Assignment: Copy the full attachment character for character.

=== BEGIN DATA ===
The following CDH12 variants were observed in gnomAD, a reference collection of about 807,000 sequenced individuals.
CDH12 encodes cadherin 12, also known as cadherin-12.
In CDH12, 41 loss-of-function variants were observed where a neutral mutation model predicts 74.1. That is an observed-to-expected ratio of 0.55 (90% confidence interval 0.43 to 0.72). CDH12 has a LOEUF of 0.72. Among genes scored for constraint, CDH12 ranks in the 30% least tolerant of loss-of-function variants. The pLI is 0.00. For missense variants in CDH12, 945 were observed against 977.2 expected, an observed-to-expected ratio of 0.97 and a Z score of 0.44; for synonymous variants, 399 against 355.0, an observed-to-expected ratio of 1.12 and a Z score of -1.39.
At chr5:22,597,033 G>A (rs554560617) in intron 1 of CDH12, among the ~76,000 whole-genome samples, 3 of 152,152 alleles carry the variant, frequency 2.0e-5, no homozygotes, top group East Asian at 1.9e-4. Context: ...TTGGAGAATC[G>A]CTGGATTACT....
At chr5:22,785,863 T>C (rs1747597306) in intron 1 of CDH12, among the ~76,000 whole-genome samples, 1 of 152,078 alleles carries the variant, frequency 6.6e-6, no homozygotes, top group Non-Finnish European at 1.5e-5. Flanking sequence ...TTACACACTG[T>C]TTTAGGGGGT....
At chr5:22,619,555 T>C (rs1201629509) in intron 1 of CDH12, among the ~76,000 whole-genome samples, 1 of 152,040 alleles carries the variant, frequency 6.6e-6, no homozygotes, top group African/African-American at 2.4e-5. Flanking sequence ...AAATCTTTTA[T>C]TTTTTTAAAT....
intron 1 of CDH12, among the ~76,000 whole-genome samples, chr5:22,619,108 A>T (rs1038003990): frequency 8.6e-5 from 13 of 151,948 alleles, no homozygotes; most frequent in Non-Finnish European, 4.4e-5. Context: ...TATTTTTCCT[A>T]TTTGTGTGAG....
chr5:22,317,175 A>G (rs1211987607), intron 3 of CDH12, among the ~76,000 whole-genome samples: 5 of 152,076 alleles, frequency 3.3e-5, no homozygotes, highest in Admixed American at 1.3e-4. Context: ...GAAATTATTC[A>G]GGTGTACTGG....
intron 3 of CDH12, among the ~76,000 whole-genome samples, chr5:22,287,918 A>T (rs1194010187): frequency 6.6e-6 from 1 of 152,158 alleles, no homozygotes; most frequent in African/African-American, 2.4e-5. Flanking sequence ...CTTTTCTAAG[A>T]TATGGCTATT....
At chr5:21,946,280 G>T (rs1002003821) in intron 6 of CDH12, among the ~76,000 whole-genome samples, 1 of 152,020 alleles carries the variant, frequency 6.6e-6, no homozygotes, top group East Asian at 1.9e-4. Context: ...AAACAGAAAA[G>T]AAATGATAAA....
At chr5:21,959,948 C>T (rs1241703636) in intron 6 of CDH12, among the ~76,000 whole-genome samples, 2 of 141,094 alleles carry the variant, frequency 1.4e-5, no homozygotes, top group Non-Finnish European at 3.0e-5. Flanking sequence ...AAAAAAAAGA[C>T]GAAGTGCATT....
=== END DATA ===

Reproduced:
The following CDH12 variants were observed in gnomAD, a reference collection of about 807,000 sequenced individuals.
CDH12 encodes cadherin 12, also known as cadherin-12.
In CDH12, 41 loss-of-function variants were observed where a neutral mutation model predicts 74.1. That is an observed-to-expected ratio of 0.55 (90% confidence interval 0.43 to 0.72). CDH12 has a LOEUF of 0.72. Among genes scored for constraint, CDH12 ranks in the 30% least tolerant of loss-of-function variants. The pLI is 0.00. For missense variants in CDH12, 945 were observed against 977.2 expected, an observed-to-expected ratio of 0.97 and a Z score of 0.44; for synonymous variants, 399 against 355.0, an observed-to-expected ratio of 1.12 and a Z score of -1.39.
At chr5:22,597,033 G>A (rs554560617) in intron 1 of CDH12, among the ~76,000 whole-genome samples, 3 of 152,152 alleles carry the variant, frequency 2.0e-5, no homozygotes, top group East Asian at 1.9e-4. Context: ...TTGGAGAATC[G>A]CTGGATTACT....
At chr5:22,785,863 T>C (rs1747597306) in intron 1 of CDH12, among the ~76,000 whole-genome samples, 1 of 152,078 alleles carries the variant, frequency 6.6e-6, no homozygotes, top group Non-Finnish European at 1.5e-5. Flanking sequence ...TTACACACTG[T>C]TTTAGGGGGT....
At chr5:22,619,555 T>C (rs1201629509) in intron 1 of CDH12, among the ~76,000 whole-genome samples, 1 of 152,040 alleles carries the variant, frequency 6.6e-6, no homozygotes, top group African/African-American at 2.4e-5. Flanking sequence ...AAATCTTTTA[T>C]TTTTTTAAAT....
intron 1 of CDH12, among the ~76,000 whole-genome samples, chr5:22,619,108 A>T (rs1038003990): frequency 8.6e-5 from 13 of 151,948 alleles, no homozygotes; most frequent in Non-Finnish European, 4.4e-5. Context: ...TATTTTTCCT[A>T]TTTGTGTGAG....
chr5:22,317,175 A>G (rs1211987607), intron 3 of CDH12, among the ~76,000 whole-genome samples: 5 of 152,076 alleles, frequency 3.3e-5, no homozygotes, highest in Admixed American at 1.3e-4. Context: ...GAAATTATTC[A>G]GGTGTACTGG....
intron 3 of CDH12, among the ~76,000 whole-genome samples, chr5:22,287,918 A>T (rs1194010187): frequency 6.6e-6 from 1 of 152,158 alleles, no homozygotes; most frequent in African/African-American, 2.4e-5. Flanking sequence ...CTTTTCTAAG[A>T]TATGGCTATT....
At chr5:21,946,280 G>T (rs1002003821) in intron 6 of CDH12, among the ~76,000 whole-genome samples, 1 of 152,020 alleles carries the variant, frequency 6.6e-6, no homozygotes, top group East Asian at 1.9e-4. Context: ...AAACAGAAAA[G>T]AAATGATAAA....
At chr5:21,959,948 C>T (rs1241703636) in intron 6 of CDH12, among the ~76,000 whole-genome samples, 2 of 141,094 alleles carry the variant, frequency 1.4e-5, no homozygotes, top group Non-Finnish European at 3.0e-5. Flanking sequence ...AAAAAAAAGA[C>T]GAAGTGCATT....